Profits at the world’s biggest airlines will dip this year as fuel and labor costs and interest rates all rise, according to the industry’s trade body.
The International Air Transport Association (IATA) has cut its profit forecast for 2018 by 12 percent to $33.8 billion from its December estimate of $38.4 billion.
This marks a dip from 2017, when airline profits reached a record $38.0 billion. At its annual general meeting Monday, IATA noted that the 2017 total had been inflated by one-off tax credits.
Airlines’ fuel costs this year are forecast to rise by nearly 30 percent as the price of a barrel of oil ticks higher. IATA modeled its forecast using a crude oil price of $70 a barrel 2018. That matches J.P. Morgan’s January price forecast.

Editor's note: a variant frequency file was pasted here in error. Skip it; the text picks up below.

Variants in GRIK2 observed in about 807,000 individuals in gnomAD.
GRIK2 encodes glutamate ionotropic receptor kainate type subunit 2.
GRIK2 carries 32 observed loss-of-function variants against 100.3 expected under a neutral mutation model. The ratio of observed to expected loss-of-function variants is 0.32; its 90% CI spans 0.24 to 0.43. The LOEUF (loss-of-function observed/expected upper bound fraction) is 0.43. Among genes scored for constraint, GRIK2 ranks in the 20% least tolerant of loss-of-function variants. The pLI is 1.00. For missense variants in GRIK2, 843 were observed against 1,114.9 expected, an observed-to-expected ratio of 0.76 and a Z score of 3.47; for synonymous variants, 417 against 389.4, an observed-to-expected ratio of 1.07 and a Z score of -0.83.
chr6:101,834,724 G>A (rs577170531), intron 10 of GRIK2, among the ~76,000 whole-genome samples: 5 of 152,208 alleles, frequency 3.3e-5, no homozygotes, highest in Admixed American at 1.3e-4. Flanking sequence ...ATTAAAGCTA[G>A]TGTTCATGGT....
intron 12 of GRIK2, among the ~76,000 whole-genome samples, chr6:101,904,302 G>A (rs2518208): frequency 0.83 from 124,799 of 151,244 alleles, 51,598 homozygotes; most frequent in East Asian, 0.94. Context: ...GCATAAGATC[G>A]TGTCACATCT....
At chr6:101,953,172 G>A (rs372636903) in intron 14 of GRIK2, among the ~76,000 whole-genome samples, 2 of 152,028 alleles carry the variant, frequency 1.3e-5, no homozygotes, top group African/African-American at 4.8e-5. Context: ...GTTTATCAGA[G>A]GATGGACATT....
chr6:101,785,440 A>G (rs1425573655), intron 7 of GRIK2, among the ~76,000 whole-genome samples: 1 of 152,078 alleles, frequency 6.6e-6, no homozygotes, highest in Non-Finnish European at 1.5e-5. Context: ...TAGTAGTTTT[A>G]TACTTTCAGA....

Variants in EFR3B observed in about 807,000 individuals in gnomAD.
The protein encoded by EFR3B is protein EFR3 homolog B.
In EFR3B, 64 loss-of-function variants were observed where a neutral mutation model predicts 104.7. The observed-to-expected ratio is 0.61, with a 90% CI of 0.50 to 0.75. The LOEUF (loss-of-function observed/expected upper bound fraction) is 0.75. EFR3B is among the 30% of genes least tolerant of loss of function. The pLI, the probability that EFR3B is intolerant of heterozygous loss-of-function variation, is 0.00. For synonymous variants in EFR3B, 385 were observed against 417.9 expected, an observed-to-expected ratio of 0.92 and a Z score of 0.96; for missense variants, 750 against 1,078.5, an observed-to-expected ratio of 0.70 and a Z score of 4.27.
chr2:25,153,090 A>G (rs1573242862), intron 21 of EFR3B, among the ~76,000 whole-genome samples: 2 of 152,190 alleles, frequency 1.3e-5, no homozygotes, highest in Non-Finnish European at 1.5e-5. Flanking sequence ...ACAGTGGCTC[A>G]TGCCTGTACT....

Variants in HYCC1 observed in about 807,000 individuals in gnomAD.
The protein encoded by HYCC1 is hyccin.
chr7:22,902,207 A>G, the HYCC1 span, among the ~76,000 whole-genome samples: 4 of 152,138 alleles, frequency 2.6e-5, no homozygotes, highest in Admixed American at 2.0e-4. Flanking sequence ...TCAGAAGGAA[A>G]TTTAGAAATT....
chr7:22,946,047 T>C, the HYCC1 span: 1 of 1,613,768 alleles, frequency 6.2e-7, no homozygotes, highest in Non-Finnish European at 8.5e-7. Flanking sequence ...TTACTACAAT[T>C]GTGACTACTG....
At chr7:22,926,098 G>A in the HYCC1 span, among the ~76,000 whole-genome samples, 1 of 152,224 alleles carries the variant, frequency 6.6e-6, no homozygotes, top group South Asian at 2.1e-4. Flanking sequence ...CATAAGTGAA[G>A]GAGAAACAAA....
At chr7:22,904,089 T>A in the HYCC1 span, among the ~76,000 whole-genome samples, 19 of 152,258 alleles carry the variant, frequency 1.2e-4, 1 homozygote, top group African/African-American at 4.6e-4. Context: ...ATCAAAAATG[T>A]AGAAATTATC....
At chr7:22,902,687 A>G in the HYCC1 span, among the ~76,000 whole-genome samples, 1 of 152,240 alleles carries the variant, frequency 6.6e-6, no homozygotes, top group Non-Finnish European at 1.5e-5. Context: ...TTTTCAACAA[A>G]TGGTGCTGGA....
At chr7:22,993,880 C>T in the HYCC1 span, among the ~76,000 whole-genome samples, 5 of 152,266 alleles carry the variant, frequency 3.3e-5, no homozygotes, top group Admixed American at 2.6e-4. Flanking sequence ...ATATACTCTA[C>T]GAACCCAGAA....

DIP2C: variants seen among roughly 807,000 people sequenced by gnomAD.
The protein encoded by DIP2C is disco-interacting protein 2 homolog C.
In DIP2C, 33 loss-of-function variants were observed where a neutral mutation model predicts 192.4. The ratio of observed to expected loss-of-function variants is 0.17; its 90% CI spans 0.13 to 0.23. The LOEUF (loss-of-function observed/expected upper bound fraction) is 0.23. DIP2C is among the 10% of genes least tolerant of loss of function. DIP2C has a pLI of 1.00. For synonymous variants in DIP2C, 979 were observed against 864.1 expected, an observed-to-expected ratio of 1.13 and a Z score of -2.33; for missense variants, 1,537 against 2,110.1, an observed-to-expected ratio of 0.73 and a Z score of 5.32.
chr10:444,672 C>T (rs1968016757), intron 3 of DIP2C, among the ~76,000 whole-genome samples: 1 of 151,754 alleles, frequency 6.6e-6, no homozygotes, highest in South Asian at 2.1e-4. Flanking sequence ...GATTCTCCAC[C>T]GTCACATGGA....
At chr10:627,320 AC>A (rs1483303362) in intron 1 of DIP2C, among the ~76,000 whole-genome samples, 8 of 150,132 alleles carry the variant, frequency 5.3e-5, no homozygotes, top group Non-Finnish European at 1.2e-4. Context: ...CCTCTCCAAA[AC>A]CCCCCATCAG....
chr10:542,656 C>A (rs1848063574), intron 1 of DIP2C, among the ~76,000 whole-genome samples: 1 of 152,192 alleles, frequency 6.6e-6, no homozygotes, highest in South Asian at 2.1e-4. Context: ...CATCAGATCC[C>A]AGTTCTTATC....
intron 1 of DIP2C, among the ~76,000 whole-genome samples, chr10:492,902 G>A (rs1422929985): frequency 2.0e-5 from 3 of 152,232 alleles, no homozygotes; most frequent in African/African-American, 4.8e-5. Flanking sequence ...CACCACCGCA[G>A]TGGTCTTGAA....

North American airlines will take a 44 percent share of global profit, equating to $15 billion, in 2018, IATA said. That number represents a sharp fall from the $18.4 billion posted in 2017.
Following the release, IATA’s director general and CEO, Alexandre de Juniac, told reporters in Sydney that rising labor costs and trade tensions could also negatively affect airlines. De Juniac said airlines could be hit by the effects of “political forces pushing a protectionist agenda.”
Despite the reduction in margins, he remained upbeat, noting that, on average, the airlines’ return on invested capital will top the cost of capital for a fourth consecutive year.
“At long last, normal profits are becoming normal for airlines,” he said.
IATA claimed that the 2018 average return airfare, before surcharges and tax, is expected to be $380, 59 percent below 1998 levels after adjusting for inflation.
The industry body also said it expected 1,900 new commercial aircraft to be delivered to airlines in 2018.